Negative feedback loops are the ultimate source of value. Mises called it “uneasiness and the image of a more satisfactory state”. Bill Gates said that “Your most unhappy customers are your greatest source of learning”. Negative feedback loops give us the opportunity to improve our service delivery capacity, and the value proposition behind it. Sterling Hawkins has identified the ultimate feedback loop for personal performance. He calls it discomfort. We should seek discomfort, analyze it, understand it, and utilize it as an ultimate tool for improvement. His book is titled Hunting Discomfort (Mises.org/E4B_174_Book) and we talk to him about it on the Economics For Business podcast.
Key Takeaways and Actionable Insights
Discomfort is a feedback system.
There will always be physical, mental, emotional, or even spiritual discomfort in our lives. It’s necessary and useful. It signals to us how we are interacting with our environment. It keeps us oriented. Sterling’s case is that we shouldn’t try to avoid it, we should embrace it – he recommends that we actively practice hunting discomfort. Once we find it and embrace it we work our way through it, and the result is personal growth. We get better.
First, face reality.
The first discomfort Sterling outlines is facing reality. In business, we often say that it’s a great challenge to align the firm’s internal assessment of reality with what is actually going on in the external environment, especially in times of rapid change. We may just not see reality accurately. Our product may not be as well-liked by customers as our research tells us it is.
We can’t change reality, but we can change how we see it. We can change our belief structure. One way is to run many experiments where we can objectively and empirically measure results, and expand on what works and discard what doesn’t. We might find some things that work that we didn’t believe could. And we might find that we thought worked simply does not. Both represent valuable learning and provide us with a reality we can grasp.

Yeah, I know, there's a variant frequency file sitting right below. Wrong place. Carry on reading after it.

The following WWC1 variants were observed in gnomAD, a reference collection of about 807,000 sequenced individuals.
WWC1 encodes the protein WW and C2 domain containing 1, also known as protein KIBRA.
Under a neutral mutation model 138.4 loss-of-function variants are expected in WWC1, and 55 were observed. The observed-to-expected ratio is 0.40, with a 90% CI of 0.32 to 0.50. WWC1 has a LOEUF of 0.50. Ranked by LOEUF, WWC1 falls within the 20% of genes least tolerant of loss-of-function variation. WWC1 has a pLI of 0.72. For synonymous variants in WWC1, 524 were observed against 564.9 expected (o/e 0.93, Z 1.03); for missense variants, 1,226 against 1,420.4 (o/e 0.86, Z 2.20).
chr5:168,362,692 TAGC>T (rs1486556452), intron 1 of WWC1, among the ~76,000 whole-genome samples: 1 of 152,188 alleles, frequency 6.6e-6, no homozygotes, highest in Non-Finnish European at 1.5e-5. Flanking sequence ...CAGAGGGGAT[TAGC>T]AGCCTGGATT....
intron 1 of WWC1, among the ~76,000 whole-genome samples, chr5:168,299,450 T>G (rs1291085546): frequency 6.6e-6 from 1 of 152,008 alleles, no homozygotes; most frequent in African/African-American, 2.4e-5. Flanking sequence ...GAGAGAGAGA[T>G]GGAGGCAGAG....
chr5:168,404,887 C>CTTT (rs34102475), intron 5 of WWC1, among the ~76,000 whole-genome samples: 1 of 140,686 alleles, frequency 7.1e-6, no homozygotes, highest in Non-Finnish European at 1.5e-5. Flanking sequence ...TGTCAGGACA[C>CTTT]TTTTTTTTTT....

Self-doubt is mentally wrestling with questions and beliefs and insecurities. It’s the world of “I might” rather than “I will”. Sterling’s advice is that self-doubt can be a gift. It indicates an unwillingness or inability to commit. And yet commitment is often associated with entrepreneurial success. It’s part of what Professor Peter Klein calls entrepreneurial judgment: the capacity to choose which action to take and to follow through with it.
Choose your commitment as wisely as you can – which includes choosing those actions not to take. Sterling’s metaphor is Get A Tattoo. It’s an irreversible commitment everyone can see.
Some people find discomfort in exposure.
If you commit, you might feel more exposure than you’re comfortable with. You might have to raise money, when it’s not your skill. You may have to make a presentation about which you’re not feeling 100& comfortable. You might be the only one expressing disagreement in a meeting full of groupthinkers.
Sterling’s recipe is to assemble a support group — he calls it your street gang. They’re supporters, subject matter experts, mentors. You’ll make your commitment to them, and they in turn will give you honest feedback, trust, and loyalty. You’ll still be committed but you won’t feel so exposed.
We take on greater and greater challenges — and that’s uncomfortable.
As businesses take shape and grow, the challenges only get bigger. We might get to the point where we want to avoid some of the big challenges. But that’s the wrong viewpoint. The alternative is to turn challenges into an opportunity to find new ways to utilize our resources — to use them as a portal to advance from the status quo to a new reality. The method is reframing. What if you tried the opposite of the status quo solution? What if you looked at the challenge through someone else’s eyes, using their mental model rather than your own – what would they do? What if you change the assumptions about the way you’re addressing the challenge? There are many ways to reframe challenges, and reframing can release you and give you new energy.
The greatest discomfort is uncertainty.
Economists talk endlessly about uncertainty in business. It’s a consequence of the unknowable future. But you own your own uncertainty — for entrepreneurs, it’s a feeling, not an economic concept. It’s subjective. We’re not only uncertain about outcomes, but about resources, about financing, about our capacity, about our partners. Uncertainty is multi-dimensional. It’s also guaranteed — we can’t avoid it.
Economists, therefore, say that entrepreneurs bear uncertainty. It’s what they do. It comes with the job. Sterling’s word is surrender: don’t fight or fear uncertainty, but accept it willingly as a cost. Give up resistance. Get into your discomfort zone. Entrepreneurs need to be doing hard things most of the time, however uncomfortable that might be.
Hunting Discomfort. How To Get Breakthrough Results In Life And Business No Matter What by Sterling Hawkins: Mises.org/E4B_174_Book